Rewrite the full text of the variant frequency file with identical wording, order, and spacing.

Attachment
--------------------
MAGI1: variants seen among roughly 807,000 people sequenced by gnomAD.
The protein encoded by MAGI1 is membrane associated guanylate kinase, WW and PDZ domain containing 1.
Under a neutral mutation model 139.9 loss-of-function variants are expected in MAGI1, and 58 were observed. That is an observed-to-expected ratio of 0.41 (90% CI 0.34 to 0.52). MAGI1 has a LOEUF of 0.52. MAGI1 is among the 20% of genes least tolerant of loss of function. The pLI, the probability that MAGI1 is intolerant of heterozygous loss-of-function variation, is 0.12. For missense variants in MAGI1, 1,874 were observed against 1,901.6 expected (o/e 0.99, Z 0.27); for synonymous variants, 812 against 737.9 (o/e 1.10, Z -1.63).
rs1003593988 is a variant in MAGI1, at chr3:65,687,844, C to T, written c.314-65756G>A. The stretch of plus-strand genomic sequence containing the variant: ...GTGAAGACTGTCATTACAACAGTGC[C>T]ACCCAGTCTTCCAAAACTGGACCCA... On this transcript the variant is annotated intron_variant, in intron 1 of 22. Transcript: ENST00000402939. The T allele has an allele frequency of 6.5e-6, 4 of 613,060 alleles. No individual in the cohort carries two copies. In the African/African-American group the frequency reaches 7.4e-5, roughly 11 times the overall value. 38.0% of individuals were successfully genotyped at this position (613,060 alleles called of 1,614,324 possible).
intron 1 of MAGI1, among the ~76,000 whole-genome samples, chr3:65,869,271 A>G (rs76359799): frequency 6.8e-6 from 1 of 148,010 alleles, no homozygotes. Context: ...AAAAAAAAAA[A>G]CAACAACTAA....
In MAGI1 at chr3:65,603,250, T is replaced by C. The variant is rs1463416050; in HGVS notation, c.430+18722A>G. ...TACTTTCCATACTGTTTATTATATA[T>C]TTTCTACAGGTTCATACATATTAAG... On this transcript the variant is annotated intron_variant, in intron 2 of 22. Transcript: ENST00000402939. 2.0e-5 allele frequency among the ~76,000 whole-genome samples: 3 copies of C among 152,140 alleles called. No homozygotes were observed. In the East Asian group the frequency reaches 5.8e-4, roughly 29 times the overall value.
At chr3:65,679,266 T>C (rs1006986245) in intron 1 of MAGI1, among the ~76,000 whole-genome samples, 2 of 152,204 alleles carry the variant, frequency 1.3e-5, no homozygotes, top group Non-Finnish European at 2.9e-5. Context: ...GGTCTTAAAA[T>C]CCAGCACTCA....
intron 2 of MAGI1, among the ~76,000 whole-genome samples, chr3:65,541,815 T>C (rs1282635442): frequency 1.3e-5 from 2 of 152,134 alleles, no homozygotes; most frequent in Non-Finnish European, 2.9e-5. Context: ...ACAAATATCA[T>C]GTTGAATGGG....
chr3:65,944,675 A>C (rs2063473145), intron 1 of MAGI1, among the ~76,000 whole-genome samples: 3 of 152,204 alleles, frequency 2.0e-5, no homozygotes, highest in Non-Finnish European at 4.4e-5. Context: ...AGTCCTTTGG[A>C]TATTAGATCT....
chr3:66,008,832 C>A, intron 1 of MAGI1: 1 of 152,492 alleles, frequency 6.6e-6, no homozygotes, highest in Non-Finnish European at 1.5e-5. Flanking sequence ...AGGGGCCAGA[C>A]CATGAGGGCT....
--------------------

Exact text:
MAGI1: variants seen among roughly 807,000 people sequenced by gnomAD.
The protein encoded by MAGI1 is membrane associated guanylate kinase, WW and PDZ domain containing 1.
Under a neutral mutation model 139.9 loss-of-function variants are expected in MAGI1, and 58 were observed. That is an observed-to-expected ratio of 0.41 (90% CI 0.34 to 0.52). MAGI1 has a LOEUF of 0.52. MAGI1 is among the 20% of genes least tolerant of loss of function. The pLI, the probability that MAGI1 is intolerant of heterozygous loss-of-function variation, is 0.12. For missense variants in MAGI1, 1,874 were observed against 1,901.6 expected (o/e 0.99, Z 0.27); for synonymous variants, 812 against 737.9 (o/e 1.10, Z -1.63).
rs1003593988 is a variant in MAGI1, at chr3:65,687,844, C to T, written c.314-65756G>A. The stretch of plus-strand genomic sequence containing the variant: ...GTGAAGACTGTCATTACAACAGTGC[C>T]ACCCAGTCTTCCAAAACTGGACCCA... On this transcript the variant is annotated intron_variant, in intron 1 of 22. Transcript: ENST00000402939. The T allele has an allele frequency of 6.5e-6, 4 of 613,060 alleles. No individual in the cohort carries two copies. In the African/African-American group the frequency reaches 7.4e-5, roughly 11 times the overall value. 38.0% of individuals were successfully genotyped at this position (613,060 alleles called of 1,614,324 possible).
intron 1 of MAGI1, among the ~76,000 whole-genome samples, chr3:65,869,271 A>G (rs76359799): frequency 6.8e-6 from 1 of 148,010 alleles, no homozygotes. Context: ...AAAAAAAAAA[A>G]CAACAACTAA....
In MAGI1 at chr3:65,603,250, T is replaced by C. The variant is rs1463416050; in HGVS notation, c.430+18722A>G. ...TACTTTCCATACTGTTTATTATATA[T>C]TTTCTACAGGTTCATACATATTAAG... On this transcript the variant is annotated intron_variant, in intron 2 of 22. Transcript: ENST00000402939. 2.0e-5 allele frequency among the ~76,000 whole-genome samples: 3 copies of C among 152,140 alleles called. No homozygotes were observed. In the East Asian group the frequency reaches 5.8e-4, roughly 29 times the overall value.
At chr3:65,679,266 T>C (rs1006986245) in intron 1 of MAGI1, among the ~76,000 whole-genome samples, 2 of 152,204 alleles carry the variant, frequency 1.3e-5, no homozygotes, top group Non-Finnish European at 2.9e-5. Context: ...GGTCTTAAAA[T>C]CCAGCACTCA....
intron 2 of MAGI1, among the ~76,000 whole-genome samples, chr3:65,541,815 T>C (rs1282635442): frequency 1.3e-5 from 2 of 152,134 alleles, no homozygotes; most frequent in Non-Finnish European, 2.9e-5. Context: ...ACAAATATCA[T>C]GTTGAATGGG....
chr3:65,944,675 A>C (rs2063473145), intron 1 of MAGI1, among the ~76,000 whole-genome samples: 3 of 152,204 alleles, frequency 2.0e-5, no homozygotes, highest in Non-Finnish European at 4.4e-5. Context: ...AGTCCTTTGG[A>C]TATTAGATCT....
chr3:66,008,832 C>A, intron 1 of MAGI1: 1 of 152,492 alleles, frequency 6.6e-6, no homozygotes, highest in Non-Finnish European at 1.5e-5. Flanking sequence ...AGGGGCCAGA[C>A]CATGAGGGCT....